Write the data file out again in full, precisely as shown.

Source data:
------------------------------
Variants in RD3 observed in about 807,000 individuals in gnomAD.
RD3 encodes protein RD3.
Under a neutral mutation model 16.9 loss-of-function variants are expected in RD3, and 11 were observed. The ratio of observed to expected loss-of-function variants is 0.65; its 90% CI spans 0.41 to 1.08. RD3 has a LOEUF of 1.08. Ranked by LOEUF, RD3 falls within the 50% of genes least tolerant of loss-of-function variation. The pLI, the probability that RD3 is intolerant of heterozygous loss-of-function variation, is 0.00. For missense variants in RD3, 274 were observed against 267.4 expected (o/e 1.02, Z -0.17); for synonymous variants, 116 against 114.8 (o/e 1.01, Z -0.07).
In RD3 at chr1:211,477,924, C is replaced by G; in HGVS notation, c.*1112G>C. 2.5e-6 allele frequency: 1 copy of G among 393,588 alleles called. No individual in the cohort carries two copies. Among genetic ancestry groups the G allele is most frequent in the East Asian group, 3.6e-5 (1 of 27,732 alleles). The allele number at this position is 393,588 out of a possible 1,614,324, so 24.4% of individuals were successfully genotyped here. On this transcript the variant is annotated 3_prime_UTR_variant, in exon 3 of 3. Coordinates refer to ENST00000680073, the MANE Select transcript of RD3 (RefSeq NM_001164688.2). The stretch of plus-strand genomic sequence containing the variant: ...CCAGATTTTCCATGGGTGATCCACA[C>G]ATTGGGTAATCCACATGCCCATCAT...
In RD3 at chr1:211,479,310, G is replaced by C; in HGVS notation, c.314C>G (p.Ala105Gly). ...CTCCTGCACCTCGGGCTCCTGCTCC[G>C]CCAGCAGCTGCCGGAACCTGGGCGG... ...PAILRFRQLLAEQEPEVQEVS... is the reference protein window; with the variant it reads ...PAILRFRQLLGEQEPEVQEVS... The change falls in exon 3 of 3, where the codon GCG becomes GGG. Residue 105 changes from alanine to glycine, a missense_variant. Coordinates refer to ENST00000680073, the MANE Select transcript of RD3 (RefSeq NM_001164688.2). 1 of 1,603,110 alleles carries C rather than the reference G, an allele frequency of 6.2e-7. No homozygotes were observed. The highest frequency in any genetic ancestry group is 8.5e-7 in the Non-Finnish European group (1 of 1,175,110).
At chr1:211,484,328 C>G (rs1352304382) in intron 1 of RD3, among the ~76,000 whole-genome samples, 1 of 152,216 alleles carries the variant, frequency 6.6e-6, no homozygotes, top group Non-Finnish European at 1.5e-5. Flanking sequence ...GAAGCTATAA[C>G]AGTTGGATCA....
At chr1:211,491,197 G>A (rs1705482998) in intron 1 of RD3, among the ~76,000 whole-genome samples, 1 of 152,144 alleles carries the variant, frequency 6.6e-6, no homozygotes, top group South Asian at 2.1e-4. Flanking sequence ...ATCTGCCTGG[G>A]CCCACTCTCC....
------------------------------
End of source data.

Variants in RD3 observed in about 807,000 individuals in gnomAD.
RD3 encodes protein RD3.
Under a neutral mutation model 16.9 loss-of-function variants are expected in RD3, and 11 were observed. The ratio of observed to expected loss-of-function variants is 0.65; its 90% CI spans 0.41 to 1.08. RD3 has a LOEUF of 1.08. Ranked by LOEUF, RD3 falls within the 50% of genes least tolerant of loss-of-function variation. The pLI, the probability that RD3 is intolerant of heterozygous loss-of-function variation, is 0.00. For missense variants in RD3, 274 were observed against 267.4 expected (o/e 1.02, Z -0.17); for synonymous variants, 116 against 114.8 (o/e 1.01, Z -0.07).
In RD3 at chr1:211,477,924, C is replaced by G; in HGVS notation, c.*1112G>C. 2.5e-6 allele frequency: 1 copy of G among 393,588 alleles called. No individual in the cohort carries two copies. Among genetic ancestry groups the G allele is most frequent in the East Asian group, 3.6e-5 (1 of 27,732 alleles). The allele number at this position is 393,588 out of a possible 1,614,324, so 24.4% of individuals were successfully genotyped here. On this transcript the variant is annotated 3_prime_UTR_variant, in exon 3 of 3. Coordinates refer to ENST00000680073, the MANE Select transcript of RD3 (RefSeq NM_001164688.2). The stretch of plus-strand genomic sequence containing the variant: ...CCAGATTTTCCATGGGTGATCCACA[C>G]ATTGGGTAATCCACATGCCCATCAT...
In RD3 at chr1:211,479,310, G is replaced by C; in HGVS notation, c.314C>G (p.Ala105Gly). ...CTCCTGCACCTCGGGCTCCTGCTCC[G>C]CCAGCAGCTGCCGGAACCTGGGCGG... ...PAILRFRQLLAEQEPEVQEVS... is the reference protein window; with the variant it reads ...PAILRFRQLLGEQEPEVQEVS... The change falls in exon 3 of 3, where the codon GCG becomes GGG. Residue 105 changes from alanine to glycine, a missense_variant. Coordinates refer to ENST00000680073, the MANE Select transcript of RD3 (RefSeq NM_001164688.2). 1 of 1,603,110 alleles carries C rather than the reference G, an allele frequency of 6.2e-7. No homozygotes were observed. The highest frequency in any genetic ancestry group is 8.5e-7 in the Non-Finnish European group (1 of 1,175,110).
At chr1:211,484,328 C>G (rs1352304382) in intron 1 of RD3, among the ~76,000 whole-genome samples, 1 of 152,216 alleles carries the variant, frequency 6.6e-6, no homozygotes, top group Non-Finnish European at 1.5e-5. Flanking sequence ...GAAGCTATAA[C>G]AGTTGGATCA....
At chr1:211,491,197 G>A (rs1705482998) in intron 1 of RD3, among the ~76,000 whole-genome samples, 1 of 152,144 alleles carries the variant, frequency 6.6e-6, no homozygotes, top group South Asian at 2.1e-4. Flanking sequence ...ATCTGCCTGG[G>A]CCCACTCTCC....